Redeeming humanity: The Jewish approach to women

Women are at the center of Jewish life, and need to be central in the Jewish environmental and social change movement. Jewish women — as a collective entity — must draw lessons from the global conversation on economic development, which acknowledges that empowering women is the central key to societal harmony. Then steps need to be taken to strengthen our own circle and extend support to all women.

Jewish birth workers today serve women in medical and non-medical settings locally and globally, and women’s wellness inside and outside of the Jewish community. Birth workers in the Jewish community are intimately entwined in the historic mechanisms that place women in the center, as they are involved with women who live according to the ancestral customs. Jewish birth workers today have thousands of years of Jewish history and experience to build from.

So what happens when a doula and a midwife-in-training meet at a Jewish environmental food conference? They share observations about how the women are relating to each other and the roles women play at the conference. They connect over Jewish ancestral matriarchs and cry together over Mama Rachel, in their first conversation. They hold an informal women’s exchange at a table in the cafeteria during the conference’s parting meal. And when they both join the planning committee for the next conference, they propose a “Women’s Circle” which comes to fruition.

In the summer of 2011 when over 50 women at the Hazon Jewish Environmental Food Conference came together, the women went around the circle and answered the question, “What does being a Jewish woman mean to you?” It was a challenging question, and it brought out deep emotional stories.

By the time we reached the end of the circle, we had learned new things; that the question itself being posed to Jewish women in the room might be hurtful for transgender or other gender-identified persons, that feeding kids healthy foods is challenging, we even learned that men had wanted to participate. The prevailing thread, the topic that came up over and over was that of infertility and childlessness. The women of all ages in the room laughed, cried, listened and found connections with each other that they had not discovered before.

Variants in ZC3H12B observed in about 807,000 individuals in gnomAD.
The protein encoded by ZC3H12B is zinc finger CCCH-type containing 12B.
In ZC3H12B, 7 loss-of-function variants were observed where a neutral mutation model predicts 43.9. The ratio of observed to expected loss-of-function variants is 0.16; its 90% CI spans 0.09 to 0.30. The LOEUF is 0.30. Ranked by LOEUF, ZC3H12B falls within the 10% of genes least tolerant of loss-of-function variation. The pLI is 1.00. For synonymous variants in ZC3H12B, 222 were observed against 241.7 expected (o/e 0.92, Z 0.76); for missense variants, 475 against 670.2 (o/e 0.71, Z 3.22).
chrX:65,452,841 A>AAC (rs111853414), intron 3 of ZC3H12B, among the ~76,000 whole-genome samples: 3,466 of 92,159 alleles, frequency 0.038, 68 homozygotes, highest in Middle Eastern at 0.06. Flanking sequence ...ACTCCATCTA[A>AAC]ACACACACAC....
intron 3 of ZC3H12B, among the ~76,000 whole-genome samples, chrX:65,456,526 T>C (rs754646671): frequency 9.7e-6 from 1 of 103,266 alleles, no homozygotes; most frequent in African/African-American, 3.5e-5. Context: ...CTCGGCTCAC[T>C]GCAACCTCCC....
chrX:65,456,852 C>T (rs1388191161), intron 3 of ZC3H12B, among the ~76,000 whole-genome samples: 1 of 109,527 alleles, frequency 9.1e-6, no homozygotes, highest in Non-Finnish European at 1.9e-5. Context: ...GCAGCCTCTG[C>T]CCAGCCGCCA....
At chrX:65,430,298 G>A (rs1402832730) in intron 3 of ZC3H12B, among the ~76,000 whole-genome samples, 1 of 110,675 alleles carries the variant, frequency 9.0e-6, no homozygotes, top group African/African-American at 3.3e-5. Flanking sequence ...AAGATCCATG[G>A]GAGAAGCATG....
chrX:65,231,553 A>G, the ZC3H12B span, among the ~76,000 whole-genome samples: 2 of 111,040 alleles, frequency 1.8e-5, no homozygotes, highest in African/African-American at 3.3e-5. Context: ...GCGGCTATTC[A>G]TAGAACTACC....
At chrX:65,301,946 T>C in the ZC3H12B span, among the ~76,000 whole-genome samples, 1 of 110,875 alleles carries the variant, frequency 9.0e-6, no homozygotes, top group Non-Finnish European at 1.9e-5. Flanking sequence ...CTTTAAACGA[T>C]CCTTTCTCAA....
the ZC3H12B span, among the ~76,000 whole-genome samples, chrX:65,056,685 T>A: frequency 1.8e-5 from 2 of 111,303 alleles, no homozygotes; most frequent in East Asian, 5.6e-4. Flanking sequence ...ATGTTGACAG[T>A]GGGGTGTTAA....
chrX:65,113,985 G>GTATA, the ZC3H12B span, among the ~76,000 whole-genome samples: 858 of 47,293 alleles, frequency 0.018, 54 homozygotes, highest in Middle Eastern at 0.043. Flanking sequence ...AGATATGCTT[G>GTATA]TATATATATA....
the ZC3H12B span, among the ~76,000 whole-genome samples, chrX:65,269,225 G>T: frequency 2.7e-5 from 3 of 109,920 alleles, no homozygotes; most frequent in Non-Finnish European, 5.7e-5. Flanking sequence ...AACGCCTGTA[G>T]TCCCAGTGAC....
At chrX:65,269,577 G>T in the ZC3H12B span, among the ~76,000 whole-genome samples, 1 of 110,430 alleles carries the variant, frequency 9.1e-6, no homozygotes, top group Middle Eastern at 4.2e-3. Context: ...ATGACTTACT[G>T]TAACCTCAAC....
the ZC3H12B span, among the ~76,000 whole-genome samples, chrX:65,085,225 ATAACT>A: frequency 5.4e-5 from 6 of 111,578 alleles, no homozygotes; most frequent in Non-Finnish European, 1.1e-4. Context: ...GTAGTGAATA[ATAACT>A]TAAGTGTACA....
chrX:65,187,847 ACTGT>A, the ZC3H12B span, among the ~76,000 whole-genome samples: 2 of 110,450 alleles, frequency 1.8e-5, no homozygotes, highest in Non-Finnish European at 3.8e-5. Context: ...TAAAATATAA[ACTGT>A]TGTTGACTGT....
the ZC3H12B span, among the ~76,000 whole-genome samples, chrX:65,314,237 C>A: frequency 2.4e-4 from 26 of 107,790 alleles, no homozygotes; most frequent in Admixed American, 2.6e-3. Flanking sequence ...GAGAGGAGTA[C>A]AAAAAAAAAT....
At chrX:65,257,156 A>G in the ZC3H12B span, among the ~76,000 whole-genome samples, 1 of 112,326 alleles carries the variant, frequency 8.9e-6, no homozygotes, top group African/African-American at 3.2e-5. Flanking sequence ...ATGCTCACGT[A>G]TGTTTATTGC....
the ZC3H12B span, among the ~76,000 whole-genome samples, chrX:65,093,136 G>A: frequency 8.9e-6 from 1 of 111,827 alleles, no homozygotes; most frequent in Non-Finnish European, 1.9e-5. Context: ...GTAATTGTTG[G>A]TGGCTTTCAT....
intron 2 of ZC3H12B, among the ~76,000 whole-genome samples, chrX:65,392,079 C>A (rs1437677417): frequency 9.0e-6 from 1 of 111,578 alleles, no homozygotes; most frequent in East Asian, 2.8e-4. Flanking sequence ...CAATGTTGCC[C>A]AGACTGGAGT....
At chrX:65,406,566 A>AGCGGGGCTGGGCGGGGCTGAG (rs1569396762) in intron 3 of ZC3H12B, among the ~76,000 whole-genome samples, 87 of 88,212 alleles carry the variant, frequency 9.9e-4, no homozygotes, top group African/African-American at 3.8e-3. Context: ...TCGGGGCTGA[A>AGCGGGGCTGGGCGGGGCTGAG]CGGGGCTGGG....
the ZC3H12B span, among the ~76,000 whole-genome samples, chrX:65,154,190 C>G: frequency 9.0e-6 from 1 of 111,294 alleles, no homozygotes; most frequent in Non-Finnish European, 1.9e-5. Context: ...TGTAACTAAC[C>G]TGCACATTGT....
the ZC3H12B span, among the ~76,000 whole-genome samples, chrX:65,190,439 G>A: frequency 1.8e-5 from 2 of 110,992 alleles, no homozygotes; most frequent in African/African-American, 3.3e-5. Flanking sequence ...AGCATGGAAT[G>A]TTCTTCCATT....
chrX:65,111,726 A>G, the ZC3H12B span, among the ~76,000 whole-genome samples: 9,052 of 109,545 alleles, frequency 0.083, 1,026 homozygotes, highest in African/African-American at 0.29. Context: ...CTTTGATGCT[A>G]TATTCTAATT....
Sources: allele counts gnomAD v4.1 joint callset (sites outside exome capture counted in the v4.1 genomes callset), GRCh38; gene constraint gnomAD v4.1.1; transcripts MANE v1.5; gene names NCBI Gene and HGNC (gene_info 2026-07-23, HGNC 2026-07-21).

Global context: Women are central to resolving social strife

The current backdrop to the recent conversation among women at a Jewish environmental conference is a massive, visible global discourse on how economies and societies thrive when women are educated, employed, and have access to contraception. Humanity’s collective consciousness is finally recognizing the centrality of women. This recent recognition is unprecedented on this scale, as seen in the following international conferences:

  • At the UN Conference on Sustainable Development May, 2012 in Rio, women were noted in new policies, but not seen as a critical answer to worldwide betterment. A prevailing reaction from non-governmental organizations to Rio+20 was the re-assertion that women’s wellness and reproductive rights are proven to be indispensable to sustainable development strategy.
  • A Global Summit on Women convened in Athens, Greece in the end of May, 2012, bringing hope to another country in crisis. There, women executives from some 70 countries reaffirmed and established new professional networks – international alliances of female businesswomen who understand the important part they play in shifting power dynamics across the planet.
  • The London Family Planning Summit in July 2012 brought together advocates and policy makers that addressed contraception and abortion in the context of women’s rights, also with a broader understanding of its implications for economic development. Soon after, All Africa published an editorial July 25 which identified family planning as crucial to overcoming humanity’s global challenges: